14. The method of claim 4, wherein determining whether the application is a trusted application or an untrusted application occurs before identifying rights associated with the protected content.
15. The method of claim 4, wherein determining whether the application is a trusted application or an untrusted application occurs after identifying rights associated with the protected content.
16. A communication device for managing access to protected content comprising:
an application configured to request performance of an action for the protected content;
a trusted file system service configured to identify the protected content to the application;
a trusted agent configured to identify rights associated with the protected content to the application; and
a trusted content renderer configured to perform the action in response to determining that the application is an untrusted application having sufficient rights to perform the action.
17. The communication device of claim 16, further comprising a file store configured to distinguish the protected content from unprotected content.
18. The communication device of claim 16, wherein the action includes at least one of play, display, execute and print.
19. The communication device of claim 16, wherein the trusted content renderer provides an error message to the application in response to determining that the application is an untrusted application having insufficient rights to perform the action.
20. The communication device of claim 16, wherein the protected content protected using a digital rights management scheme.
21. The communication device of claim 16, wherein the trusted content renderer notifies the trusted agent that the action has been completed.
22. The communication device of claim 16, the trusted agent updates permission constraints subsequent to initiating the action.
23. The communication device of claim 16, wherein trusted content renderer notifies the application of successful completion.
Description
FIELD OF THE INVENTION

The present invention relates generally to the field of Digital Rights Management (“DRM”). In particular, the present invention relates to systems and methods for managing access to DRM protected content.

BACKGROUND OF THE INVENTION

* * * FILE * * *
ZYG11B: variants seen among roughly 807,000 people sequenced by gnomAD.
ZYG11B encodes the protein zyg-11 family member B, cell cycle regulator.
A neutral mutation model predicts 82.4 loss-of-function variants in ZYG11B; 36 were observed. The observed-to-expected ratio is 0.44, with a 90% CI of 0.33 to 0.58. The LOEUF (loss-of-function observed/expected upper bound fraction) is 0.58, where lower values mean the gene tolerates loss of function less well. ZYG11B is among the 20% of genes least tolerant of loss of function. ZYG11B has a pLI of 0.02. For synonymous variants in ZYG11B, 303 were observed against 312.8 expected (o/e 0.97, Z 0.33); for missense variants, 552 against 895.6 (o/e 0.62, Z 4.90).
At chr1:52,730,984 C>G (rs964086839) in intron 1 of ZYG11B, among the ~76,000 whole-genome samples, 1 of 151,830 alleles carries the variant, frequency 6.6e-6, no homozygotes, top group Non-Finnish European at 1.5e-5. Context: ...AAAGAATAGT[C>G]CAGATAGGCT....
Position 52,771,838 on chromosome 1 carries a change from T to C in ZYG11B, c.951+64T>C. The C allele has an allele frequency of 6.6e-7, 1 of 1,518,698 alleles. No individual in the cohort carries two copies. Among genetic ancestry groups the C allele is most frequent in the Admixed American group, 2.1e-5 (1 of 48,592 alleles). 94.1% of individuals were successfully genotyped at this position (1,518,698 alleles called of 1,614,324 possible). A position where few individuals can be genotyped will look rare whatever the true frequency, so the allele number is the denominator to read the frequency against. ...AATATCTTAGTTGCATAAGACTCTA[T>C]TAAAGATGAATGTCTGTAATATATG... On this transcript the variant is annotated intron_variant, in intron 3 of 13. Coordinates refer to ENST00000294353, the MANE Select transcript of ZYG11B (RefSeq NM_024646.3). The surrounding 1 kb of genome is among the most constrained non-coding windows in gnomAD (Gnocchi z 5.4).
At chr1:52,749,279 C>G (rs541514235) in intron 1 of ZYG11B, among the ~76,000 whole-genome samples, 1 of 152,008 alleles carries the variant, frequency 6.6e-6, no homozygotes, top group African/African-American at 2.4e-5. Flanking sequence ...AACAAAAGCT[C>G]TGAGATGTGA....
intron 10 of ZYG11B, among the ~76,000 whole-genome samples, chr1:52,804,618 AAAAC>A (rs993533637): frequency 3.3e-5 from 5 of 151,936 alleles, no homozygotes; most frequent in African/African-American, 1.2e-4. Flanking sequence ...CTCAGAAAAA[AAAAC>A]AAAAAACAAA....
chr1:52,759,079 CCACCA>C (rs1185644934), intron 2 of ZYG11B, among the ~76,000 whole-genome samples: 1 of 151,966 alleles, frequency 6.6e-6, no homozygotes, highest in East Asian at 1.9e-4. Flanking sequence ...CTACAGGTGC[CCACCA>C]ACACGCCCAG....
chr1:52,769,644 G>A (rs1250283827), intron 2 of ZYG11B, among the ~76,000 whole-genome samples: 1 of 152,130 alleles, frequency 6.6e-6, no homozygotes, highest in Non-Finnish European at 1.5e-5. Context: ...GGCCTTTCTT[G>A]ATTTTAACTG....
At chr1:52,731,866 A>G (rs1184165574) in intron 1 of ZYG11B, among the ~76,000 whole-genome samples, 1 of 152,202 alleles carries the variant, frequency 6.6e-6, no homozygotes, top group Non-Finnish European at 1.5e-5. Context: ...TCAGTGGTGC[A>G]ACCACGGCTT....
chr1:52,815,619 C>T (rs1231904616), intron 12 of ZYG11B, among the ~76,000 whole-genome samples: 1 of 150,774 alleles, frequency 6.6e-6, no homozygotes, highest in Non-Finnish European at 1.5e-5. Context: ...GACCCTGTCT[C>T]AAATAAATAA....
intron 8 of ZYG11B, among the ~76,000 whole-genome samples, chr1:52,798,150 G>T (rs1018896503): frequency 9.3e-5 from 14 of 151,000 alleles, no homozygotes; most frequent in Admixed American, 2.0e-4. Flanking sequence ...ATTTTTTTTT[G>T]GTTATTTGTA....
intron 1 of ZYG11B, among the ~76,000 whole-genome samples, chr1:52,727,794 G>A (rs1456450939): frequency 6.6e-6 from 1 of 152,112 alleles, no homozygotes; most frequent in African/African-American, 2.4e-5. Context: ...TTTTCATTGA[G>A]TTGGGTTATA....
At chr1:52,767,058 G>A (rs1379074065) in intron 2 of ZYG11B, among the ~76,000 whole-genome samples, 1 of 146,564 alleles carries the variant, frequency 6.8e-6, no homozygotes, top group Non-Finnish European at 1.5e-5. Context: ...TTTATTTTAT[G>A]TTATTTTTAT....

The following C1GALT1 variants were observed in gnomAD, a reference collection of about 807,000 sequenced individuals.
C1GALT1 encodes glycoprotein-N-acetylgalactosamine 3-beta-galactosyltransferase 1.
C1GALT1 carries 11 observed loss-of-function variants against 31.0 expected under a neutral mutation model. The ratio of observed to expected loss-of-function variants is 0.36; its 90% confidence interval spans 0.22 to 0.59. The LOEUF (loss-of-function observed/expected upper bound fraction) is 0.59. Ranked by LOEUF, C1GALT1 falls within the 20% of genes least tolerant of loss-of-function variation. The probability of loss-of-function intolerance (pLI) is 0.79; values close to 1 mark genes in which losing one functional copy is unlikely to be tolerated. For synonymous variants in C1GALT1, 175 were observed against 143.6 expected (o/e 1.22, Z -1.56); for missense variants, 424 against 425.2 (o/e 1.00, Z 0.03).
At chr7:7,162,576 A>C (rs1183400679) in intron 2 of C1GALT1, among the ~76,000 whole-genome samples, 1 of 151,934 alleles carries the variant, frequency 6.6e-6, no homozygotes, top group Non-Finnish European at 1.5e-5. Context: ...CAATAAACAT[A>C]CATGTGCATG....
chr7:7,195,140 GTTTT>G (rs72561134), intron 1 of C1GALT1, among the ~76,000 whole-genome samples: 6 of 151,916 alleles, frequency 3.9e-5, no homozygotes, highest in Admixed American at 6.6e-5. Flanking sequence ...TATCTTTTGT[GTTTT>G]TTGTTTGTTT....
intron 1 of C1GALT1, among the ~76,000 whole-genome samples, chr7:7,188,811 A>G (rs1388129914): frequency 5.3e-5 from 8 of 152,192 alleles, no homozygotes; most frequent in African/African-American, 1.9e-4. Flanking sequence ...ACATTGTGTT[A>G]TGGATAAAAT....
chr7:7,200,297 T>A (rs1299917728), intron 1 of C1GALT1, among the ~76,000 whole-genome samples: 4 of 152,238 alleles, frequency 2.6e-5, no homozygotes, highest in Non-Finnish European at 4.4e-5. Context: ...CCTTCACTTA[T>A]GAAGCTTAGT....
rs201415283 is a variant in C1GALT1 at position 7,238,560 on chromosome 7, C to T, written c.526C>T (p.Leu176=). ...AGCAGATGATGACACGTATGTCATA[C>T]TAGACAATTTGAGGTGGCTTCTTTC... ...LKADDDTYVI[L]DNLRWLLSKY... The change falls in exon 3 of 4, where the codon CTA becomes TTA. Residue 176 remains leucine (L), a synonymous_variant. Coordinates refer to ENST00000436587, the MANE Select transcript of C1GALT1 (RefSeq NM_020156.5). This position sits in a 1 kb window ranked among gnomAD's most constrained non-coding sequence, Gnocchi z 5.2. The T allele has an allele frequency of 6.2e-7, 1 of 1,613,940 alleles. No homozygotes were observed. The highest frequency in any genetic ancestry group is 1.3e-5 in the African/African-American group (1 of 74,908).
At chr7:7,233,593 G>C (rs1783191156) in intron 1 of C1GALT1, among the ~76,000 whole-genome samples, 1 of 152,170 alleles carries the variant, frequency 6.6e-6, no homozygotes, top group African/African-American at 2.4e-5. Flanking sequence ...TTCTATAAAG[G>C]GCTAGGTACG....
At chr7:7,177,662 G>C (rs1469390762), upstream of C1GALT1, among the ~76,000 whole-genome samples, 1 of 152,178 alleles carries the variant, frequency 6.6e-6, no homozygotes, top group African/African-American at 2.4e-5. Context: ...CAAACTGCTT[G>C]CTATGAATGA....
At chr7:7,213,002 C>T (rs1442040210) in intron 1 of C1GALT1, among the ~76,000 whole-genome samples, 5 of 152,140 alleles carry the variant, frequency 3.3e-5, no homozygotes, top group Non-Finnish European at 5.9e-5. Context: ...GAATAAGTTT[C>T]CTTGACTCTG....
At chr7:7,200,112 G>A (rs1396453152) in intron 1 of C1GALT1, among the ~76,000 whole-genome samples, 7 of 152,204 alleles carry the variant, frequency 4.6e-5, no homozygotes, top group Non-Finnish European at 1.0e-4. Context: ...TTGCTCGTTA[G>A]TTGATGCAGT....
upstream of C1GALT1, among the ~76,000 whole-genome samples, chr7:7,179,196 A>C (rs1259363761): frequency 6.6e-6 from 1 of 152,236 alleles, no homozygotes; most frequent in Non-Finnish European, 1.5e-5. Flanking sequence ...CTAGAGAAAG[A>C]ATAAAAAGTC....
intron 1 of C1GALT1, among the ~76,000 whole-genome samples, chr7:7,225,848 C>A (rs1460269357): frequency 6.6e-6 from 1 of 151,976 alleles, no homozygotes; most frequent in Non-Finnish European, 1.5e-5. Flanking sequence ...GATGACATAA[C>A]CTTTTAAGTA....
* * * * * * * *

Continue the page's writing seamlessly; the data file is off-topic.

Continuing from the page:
As content is increasingly being authored and delivered in digital form, content distributors are turning to systems utilizing Digital Rights Management (“DRM”) methods to protect their works. In these systems, a distributor can enumerate and grant the rights extended to the recipient in regards to using the content. Each system relies upon a secure environment in which the content is used to ensure that the permissions granted by the rights are obeyed. The system and associated rights may be used to prevent the unauthorized duplication or modification of the works. In most DRM implementations, these rights are expressed in a “rights object” which can be packaged together with the content or distributed separately. The content can be delivered in either plaintext or encrypted form.

With the release of the industry standard Open Mobile Alliance DRM (v1.0) specification, cellular phones supporting DRM protected content are becoming more prevalent. The DRM content has multiple methods to become resident on the device. It could be preloaded on the phone at time of manufacture, downloaded to the phone over the cellular network, or transferred by a computer to the phone through cable-based or wireless connections. Once on the phone, the DRM content may be contained within a secure environment in which the rights accompanying DRM protected content are enforced through software security. This security prevents the user and unauthorized applications from using the protected content in a manner inconsistent with the granted rights.